# Is kinetic energy directly proportional to momentum?

Kinetic energy is to do with an object's mass and velocity, so is momentum. Are these basically the same thing?

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I wouldn't say so. Momentum is proportional to the mass and speed. Kinetic energy is proportional to the mass and < speed squared >. This makes the relationship between Momentum and Kinetic energy kind of strange. If you increase only the mass, then Kinetic Energy and Momentum will be directly proportional, but if you increase the speed, Kinetic Energy and Momentum will not have a directly proportional relationship. The trick is that both Kinetic Energy and Momentum depend on 2 variables, mass and speed.

It's also important to note that Linear Momentum is also a vector quantity, though its magnitude can be considered a scalar. Kinetic Energy, on the other hand is always a scalar. I think this really makes the two concepts very different and you have to be precise about when and why you compare the two. Linear Momentum is a concept that describes an object's motion. Kinetic Energy describes an object's "stored energy" in the form of motion, energy meaning its ability to do work on other objects.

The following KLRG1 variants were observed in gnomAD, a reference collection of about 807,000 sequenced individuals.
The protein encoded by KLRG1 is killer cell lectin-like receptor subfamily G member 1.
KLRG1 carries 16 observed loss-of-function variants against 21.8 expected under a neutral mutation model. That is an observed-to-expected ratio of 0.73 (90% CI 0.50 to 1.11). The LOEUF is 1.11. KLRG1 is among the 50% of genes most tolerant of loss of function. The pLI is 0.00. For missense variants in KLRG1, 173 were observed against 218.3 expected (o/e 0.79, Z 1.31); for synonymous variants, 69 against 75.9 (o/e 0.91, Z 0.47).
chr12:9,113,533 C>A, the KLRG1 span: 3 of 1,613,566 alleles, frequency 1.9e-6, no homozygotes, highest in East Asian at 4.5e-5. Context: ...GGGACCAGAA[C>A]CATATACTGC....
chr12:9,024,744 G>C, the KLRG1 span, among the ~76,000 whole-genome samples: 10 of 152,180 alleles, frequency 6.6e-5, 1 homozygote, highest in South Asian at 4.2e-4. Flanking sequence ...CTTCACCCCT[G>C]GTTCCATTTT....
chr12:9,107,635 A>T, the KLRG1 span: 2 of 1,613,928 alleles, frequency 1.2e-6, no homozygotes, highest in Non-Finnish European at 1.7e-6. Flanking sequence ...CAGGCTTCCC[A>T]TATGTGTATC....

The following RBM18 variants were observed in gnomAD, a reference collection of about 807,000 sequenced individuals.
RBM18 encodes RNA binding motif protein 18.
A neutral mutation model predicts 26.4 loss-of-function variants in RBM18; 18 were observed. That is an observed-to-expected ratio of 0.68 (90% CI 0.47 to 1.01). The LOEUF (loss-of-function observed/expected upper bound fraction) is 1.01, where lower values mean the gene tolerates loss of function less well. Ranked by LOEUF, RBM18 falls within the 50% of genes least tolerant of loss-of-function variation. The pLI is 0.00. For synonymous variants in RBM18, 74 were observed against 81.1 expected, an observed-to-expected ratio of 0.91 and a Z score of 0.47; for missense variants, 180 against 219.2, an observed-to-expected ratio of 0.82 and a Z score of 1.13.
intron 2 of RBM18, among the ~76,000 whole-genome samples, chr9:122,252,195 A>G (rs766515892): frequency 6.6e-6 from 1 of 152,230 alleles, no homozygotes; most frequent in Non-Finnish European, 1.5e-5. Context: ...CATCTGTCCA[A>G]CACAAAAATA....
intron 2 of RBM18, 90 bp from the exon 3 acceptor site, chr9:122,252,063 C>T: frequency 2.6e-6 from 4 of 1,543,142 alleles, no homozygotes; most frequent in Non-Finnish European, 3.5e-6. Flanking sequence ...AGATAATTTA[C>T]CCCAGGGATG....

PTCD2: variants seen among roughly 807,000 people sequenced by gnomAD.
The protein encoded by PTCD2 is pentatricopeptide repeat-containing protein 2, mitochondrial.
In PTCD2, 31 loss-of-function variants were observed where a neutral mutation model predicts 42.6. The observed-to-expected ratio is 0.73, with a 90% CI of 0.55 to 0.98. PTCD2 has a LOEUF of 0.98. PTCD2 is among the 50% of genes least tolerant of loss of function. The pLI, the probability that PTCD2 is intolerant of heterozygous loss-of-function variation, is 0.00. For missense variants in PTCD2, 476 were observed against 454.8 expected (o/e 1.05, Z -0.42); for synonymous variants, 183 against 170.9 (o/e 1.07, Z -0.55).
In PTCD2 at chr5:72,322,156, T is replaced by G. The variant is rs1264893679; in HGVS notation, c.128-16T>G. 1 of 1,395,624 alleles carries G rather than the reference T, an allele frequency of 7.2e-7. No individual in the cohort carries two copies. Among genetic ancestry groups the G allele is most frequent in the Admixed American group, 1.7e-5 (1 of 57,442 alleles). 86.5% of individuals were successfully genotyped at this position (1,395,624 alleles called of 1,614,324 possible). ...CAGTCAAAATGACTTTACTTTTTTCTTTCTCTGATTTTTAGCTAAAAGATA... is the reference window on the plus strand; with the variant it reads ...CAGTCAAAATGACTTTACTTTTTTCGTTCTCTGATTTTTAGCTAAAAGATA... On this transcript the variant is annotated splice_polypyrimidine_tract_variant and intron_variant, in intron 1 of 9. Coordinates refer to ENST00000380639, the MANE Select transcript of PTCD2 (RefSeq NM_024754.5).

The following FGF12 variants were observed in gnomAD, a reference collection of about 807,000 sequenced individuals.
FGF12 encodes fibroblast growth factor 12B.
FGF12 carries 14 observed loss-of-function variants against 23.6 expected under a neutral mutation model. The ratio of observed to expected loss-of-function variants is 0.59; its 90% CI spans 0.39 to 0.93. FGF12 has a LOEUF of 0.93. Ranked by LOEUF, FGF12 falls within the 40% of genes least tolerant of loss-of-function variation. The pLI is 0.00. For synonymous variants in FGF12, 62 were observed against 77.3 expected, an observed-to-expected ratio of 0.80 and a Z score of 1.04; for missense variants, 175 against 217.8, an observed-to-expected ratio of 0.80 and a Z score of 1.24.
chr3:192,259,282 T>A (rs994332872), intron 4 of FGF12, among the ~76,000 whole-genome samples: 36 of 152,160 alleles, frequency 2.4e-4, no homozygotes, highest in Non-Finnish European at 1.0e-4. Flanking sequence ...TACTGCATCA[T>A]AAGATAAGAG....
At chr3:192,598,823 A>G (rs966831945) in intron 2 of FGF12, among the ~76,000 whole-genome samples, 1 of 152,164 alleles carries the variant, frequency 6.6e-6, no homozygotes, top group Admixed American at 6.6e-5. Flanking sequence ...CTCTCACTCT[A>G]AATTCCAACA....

• Kinetic energy (KE) = 0.5 mv^2

However, momentum = mv so, we can write

KE = 0.5 v x momentum

For y to be proportional to z: (y =kz) , then k must be a constant.

However, the 0.5v is not a constant as v varies; momentum is also a function of v

So, in my opinion KE is not direct proportional to momentum.

• Anonymous
8 years ago

kinetic energy is 1/2 mass * (velocity)^2

momentum = mass * velocity

so kinetic = momentum^2 / mass*2

• another formula for momentum is

p = Ek/c

thus, yes they are directly porportional, but they are NOT equal to the same thing.